We Calgarians have been blessed with a mild winter and a gorgeous early spring. The trees are already starting to bud, the songbirds are returning from warmer climes, and the neighbourhood hares are changing from winter white to warm-weather brown so the coyotes can’t see them. Oh, and I’m moulting.
I didn’t know humans could moult until I woke up a few mornings ago to find the site of my recent infection sloughing off. Yes, I have dandruff of the trunk. I have taken a lint brush to my belly to minimize the mess, a method that is quite effective if done at regular intervals I might add. Oh, I’m overdue. It’ll just take a minute….
Turns out the last phase of cellulitis is the body’s ridding itself of the skin at the infection site. Take that, bad skin, you’re fired. I was a bit alarmed until I realized my shedding is a final sign of healing.
It’s been a long few weeks, I will admit. The infection slammed me, and then the antibiotics knocked me out–those drugs are toxic if effective–and, now that the drugs are finished, I am just coming up for air. I have only four weeks to get healthy and strong before we leave for our trip.
My appetite is very slowly returning although my diet is still primarily white: white rice, white bread, oatmeal, and a bit of protein throw in so I don’t lose all my muscle mass. I am first to admit I am not meeting my daily requirement of vegetables, even though I am normally a vegeholic. I also can’t yet stomach the thought of sweets, which frightens me a bit, although I’ve choked down a few wine gums just to be sure.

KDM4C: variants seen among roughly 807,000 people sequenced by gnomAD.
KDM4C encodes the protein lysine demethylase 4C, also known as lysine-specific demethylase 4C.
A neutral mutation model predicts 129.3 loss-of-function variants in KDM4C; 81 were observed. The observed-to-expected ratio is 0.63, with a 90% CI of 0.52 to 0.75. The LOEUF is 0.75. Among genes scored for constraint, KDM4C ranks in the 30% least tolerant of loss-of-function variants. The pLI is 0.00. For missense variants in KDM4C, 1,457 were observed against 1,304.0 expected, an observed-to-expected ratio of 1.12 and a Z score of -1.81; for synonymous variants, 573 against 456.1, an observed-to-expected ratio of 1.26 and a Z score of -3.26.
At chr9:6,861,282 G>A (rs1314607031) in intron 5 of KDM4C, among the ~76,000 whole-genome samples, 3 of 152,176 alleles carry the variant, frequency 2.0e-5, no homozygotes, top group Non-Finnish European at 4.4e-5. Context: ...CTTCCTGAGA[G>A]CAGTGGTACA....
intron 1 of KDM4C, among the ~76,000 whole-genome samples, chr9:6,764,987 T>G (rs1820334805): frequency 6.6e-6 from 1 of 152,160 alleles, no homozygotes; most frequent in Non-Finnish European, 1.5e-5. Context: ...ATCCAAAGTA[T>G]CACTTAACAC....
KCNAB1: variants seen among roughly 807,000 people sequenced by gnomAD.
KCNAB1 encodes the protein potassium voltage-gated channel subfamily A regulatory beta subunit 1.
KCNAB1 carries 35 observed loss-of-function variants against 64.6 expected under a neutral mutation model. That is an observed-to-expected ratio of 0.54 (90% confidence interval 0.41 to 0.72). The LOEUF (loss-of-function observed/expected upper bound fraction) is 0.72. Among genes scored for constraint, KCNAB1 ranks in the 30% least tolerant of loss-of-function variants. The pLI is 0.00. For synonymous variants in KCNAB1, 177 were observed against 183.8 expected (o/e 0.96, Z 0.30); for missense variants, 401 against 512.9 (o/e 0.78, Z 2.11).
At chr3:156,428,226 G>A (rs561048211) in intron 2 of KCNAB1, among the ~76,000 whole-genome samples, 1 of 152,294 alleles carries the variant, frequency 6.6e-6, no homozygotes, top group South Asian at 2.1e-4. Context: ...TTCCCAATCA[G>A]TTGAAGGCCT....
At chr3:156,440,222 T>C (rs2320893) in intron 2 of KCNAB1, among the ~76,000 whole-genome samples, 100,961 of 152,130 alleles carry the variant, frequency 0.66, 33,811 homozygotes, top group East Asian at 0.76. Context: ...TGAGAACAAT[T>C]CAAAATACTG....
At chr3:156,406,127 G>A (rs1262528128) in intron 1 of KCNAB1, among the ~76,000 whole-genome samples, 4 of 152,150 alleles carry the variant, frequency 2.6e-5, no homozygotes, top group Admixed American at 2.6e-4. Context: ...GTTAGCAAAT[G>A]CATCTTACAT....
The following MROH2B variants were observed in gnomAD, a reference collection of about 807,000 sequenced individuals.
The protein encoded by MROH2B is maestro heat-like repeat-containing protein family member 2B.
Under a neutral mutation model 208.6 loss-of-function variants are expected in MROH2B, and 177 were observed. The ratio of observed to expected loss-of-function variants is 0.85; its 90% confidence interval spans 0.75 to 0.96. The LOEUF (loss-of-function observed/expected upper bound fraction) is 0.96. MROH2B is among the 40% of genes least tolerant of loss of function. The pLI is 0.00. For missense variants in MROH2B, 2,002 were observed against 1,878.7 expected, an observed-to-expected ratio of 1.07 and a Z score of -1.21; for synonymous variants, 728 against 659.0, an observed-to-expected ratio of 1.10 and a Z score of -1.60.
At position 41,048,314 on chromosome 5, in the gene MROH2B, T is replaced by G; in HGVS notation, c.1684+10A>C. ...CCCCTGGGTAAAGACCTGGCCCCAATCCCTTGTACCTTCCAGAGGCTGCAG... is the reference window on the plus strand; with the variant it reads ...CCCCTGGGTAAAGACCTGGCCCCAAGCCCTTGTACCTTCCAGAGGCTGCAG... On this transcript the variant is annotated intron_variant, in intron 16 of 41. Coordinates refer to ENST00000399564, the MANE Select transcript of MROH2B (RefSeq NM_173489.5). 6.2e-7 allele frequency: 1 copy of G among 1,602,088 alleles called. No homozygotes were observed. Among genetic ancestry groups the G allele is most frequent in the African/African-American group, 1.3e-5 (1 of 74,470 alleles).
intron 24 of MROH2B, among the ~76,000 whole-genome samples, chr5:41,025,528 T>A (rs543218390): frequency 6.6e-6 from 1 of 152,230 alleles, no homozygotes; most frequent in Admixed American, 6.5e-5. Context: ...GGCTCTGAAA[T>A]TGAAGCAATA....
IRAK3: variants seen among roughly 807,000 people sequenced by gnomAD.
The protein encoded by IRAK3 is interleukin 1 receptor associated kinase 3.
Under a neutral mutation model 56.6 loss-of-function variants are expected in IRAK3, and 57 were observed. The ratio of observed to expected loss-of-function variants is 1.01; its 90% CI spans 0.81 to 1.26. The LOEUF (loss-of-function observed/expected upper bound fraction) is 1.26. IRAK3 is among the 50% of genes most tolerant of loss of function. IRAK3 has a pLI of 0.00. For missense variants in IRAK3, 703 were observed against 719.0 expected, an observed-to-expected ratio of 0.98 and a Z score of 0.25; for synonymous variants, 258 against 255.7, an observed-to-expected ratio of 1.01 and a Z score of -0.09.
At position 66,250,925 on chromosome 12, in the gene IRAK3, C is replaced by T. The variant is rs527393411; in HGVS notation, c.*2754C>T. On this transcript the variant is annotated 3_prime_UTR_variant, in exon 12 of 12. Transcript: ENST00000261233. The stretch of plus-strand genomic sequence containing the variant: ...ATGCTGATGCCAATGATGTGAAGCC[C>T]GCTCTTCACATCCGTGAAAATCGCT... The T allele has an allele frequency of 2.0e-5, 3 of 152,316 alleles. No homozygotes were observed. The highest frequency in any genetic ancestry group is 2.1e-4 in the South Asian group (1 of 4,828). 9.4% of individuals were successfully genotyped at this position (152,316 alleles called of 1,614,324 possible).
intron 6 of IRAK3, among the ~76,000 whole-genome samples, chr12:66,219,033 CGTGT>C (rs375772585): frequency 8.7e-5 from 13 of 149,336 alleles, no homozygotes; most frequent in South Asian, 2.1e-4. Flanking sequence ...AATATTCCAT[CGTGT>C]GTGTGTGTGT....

I don’t recommend cellulitis. It hurts. The antibiotics may have quickly combatted my fever, which topped out at 106 degrees F, but the skin infection took longer to heal. Thankfully, Dr. Skin informed me that the pain of the infection would continue to get worse for a few days after the fever had returned to normal. This is the usual course of healing.
For those of you who have been afraid to ask (and those of you who have not), “cellulitis” may sound like “cellulite” but the two are not one and the same. In other words, I did not have an outbreak of fatty, dimpled skin on my thighs. I am sad to report that the cottage-cheesy dimpling I had previous to this infection is largely unchanged despite my profound lack of appetite. Frankly, I’m a little annoyed that, after not eating much for two weeks, I’ve only lost the 10 lbs. of fluid I gained in hospital plus a few more for good measure.
But I did have an idea: I wondered if, rather than my trunk shedding, the moulting could migrate to my thighs, thereby ridding me of a layer or two of that fatty, dimpled skin I’ve resented for years now. I understand there are supposed creams and laser treatments that may be effective to this end, but I can’t afford intervention, and I imagine moulting would be less invasive. Why not kill two spring songbirds with one stone (no violence intended)?